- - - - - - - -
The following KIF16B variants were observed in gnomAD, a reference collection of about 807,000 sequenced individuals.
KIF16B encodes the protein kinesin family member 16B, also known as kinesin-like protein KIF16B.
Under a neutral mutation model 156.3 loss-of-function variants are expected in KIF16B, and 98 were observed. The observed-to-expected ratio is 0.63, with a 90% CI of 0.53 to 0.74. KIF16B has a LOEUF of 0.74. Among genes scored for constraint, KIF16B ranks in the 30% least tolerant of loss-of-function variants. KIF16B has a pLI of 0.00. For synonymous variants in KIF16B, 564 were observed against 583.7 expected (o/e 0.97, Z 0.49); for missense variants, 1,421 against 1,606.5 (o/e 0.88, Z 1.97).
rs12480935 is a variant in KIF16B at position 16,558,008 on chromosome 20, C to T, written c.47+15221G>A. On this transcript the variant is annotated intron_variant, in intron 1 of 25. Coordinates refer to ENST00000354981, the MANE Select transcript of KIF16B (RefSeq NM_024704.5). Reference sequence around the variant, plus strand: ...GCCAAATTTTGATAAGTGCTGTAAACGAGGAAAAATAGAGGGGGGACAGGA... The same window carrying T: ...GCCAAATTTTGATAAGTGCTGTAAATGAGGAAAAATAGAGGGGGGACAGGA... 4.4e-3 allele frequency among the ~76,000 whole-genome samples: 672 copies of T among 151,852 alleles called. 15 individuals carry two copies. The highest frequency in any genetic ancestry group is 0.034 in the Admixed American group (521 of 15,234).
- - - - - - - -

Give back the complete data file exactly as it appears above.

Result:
The following KIF16B variants were observed in gnomAD, a reference collection of about 807,000 sequenced individuals.
KIF16B encodes the protein kinesin family member 16B, also known as kinesin-like protein KIF16B.
Under a neutral mutation model 156.3 loss-of-function variants are expected in KIF16B, and 98 were observed. The observed-to-expected ratio is 0.63, with a 90% CI of 0.53 to 0.74. KIF16B has a LOEUF of 0.74. Among genes scored for constraint, KIF16B ranks in the 30% least tolerant of loss-of-function variants. KIF16B has a pLI of 0.00. For synonymous variants in KIF16B, 564 were observed against 583.7 expected (o/e 0.97, Z 0.49); for missense variants, 1,421 against 1,606.5 (o/e 0.88, Z 1.97).
rs12480935 is a variant in KIF16B at position 16,558,008 on chromosome 20, C to T, written c.47+15221G>A. On this transcript the variant is annotated intron_variant, in intron 1 of 25. Coordinates refer to ENST00000354981, the MANE Select transcript of KIF16B (RefSeq NM_024704.5). Reference sequence around the variant, plus strand: ...GCCAAATTTTGATAAGTGCTGTAAACGAGGAAAAATAGAGGGGGGACAGGA... The same window carrying T: ...GCCAAATTTTGATAAGTGCTGTAAATGAGGAAAAATAGAGGGGGGACAGGA... 4.4e-3 allele frequency among the ~76,000 whole-genome samples: 672 copies of T among 151,852 alleles called. 15 individuals carry two copies. The highest frequency in any genetic ancestry group is 0.034 in the Admixed American group (521 of 15,234).